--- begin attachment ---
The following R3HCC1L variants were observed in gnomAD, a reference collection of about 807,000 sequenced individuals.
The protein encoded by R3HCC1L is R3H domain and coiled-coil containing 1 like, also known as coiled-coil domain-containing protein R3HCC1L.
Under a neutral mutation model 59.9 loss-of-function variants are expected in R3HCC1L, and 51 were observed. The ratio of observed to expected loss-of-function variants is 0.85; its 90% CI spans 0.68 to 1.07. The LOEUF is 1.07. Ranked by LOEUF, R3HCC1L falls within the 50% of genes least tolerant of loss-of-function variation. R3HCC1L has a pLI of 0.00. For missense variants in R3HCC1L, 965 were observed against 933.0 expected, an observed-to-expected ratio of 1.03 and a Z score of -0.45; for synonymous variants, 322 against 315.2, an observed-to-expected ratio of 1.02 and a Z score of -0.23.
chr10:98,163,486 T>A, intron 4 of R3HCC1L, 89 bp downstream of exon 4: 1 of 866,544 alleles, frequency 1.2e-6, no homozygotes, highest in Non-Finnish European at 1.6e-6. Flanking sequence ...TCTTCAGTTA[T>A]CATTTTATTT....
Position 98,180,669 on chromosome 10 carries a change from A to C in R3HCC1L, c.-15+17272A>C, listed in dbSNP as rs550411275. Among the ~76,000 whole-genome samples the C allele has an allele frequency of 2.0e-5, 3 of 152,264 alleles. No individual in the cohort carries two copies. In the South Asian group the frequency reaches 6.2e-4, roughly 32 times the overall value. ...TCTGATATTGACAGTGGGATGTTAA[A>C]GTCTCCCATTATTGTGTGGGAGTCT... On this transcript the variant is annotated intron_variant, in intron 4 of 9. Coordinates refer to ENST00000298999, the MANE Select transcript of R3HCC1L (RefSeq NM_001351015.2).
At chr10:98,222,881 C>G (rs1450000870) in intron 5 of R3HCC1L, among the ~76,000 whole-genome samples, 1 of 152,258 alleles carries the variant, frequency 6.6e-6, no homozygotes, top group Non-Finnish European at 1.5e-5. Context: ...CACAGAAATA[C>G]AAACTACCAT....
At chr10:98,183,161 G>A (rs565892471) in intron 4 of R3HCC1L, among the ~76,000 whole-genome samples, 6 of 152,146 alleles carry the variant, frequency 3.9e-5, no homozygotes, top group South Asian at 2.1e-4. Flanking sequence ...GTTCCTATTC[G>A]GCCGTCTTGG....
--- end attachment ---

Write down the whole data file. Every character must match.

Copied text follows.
The following R3HCC1L variants were observed in gnomAD, a reference collection of about 807,000 sequenced individuals.
The protein encoded by R3HCC1L is R3H domain and coiled-coil containing 1 like, also known as coiled-coil domain-containing protein R3HCC1L.
Under a neutral mutation model 59.9 loss-of-function variants are expected in R3HCC1L, and 51 were observed. The ratio of observed to expected loss-of-function variants is 0.85; its 90% CI spans 0.68 to 1.07. The LOEUF is 1.07. Ranked by LOEUF, R3HCC1L falls within the 50% of genes least tolerant of loss-of-function variation. R3HCC1L has a pLI of 0.00. For missense variants in R3HCC1L, 965 were observed against 933.0 expected, an observed-to-expected ratio of 1.03 and a Z score of -0.45; for synonymous variants, 322 against 315.2, an observed-to-expected ratio of 1.02 and a Z score of -0.23.
chr10:98,163,486 T>A, intron 4 of R3HCC1L, 89 bp downstream of exon 4: 1 of 866,544 alleles, frequency 1.2e-6, no homozygotes, highest in Non-Finnish European at 1.6e-6. Flanking sequence ...TCTTCAGTTA[T>A]CATTTTATTT....
Position 98,180,669 on chromosome 10 carries a change from A to C in R3HCC1L, c.-15+17272A>C, listed in dbSNP as rs550411275. Among the ~76,000 whole-genome samples the C allele has an allele frequency of 2.0e-5, 3 of 152,264 alleles. No individual in the cohort carries two copies. In the South Asian group the frequency reaches 6.2e-4, roughly 32 times the overall value. ...TCTGATATTGACAGTGGGATGTTAA[A>C]GTCTCCCATTATTGTGTGGGAGTCT... On this transcript the variant is annotated intron_variant, in intron 4 of 9. Coordinates refer to ENST00000298999, the MANE Select transcript of R3HCC1L (RefSeq NM_001351015.2).
At chr10:98,222,881 C>G (rs1450000870) in intron 5 of R3HCC1L, among the ~76,000 whole-genome samples, 1 of 152,258 alleles carries the variant, frequency 6.6e-6, no homozygotes, top group Non-Finnish European at 1.5e-5. Context: ...CACAGAAATA[C>G]AAACTACCAT....
At chr10:98,183,161 G>A (rs565892471) in intron 4 of R3HCC1L, among the ~76,000 whole-genome samples, 6 of 152,146 alleles carry the variant, frequency 3.9e-5, no homozygotes, top group South Asian at 2.1e-4. Flanking sequence ...GTTCCTATTC[G>A]GCCGTCTTGG....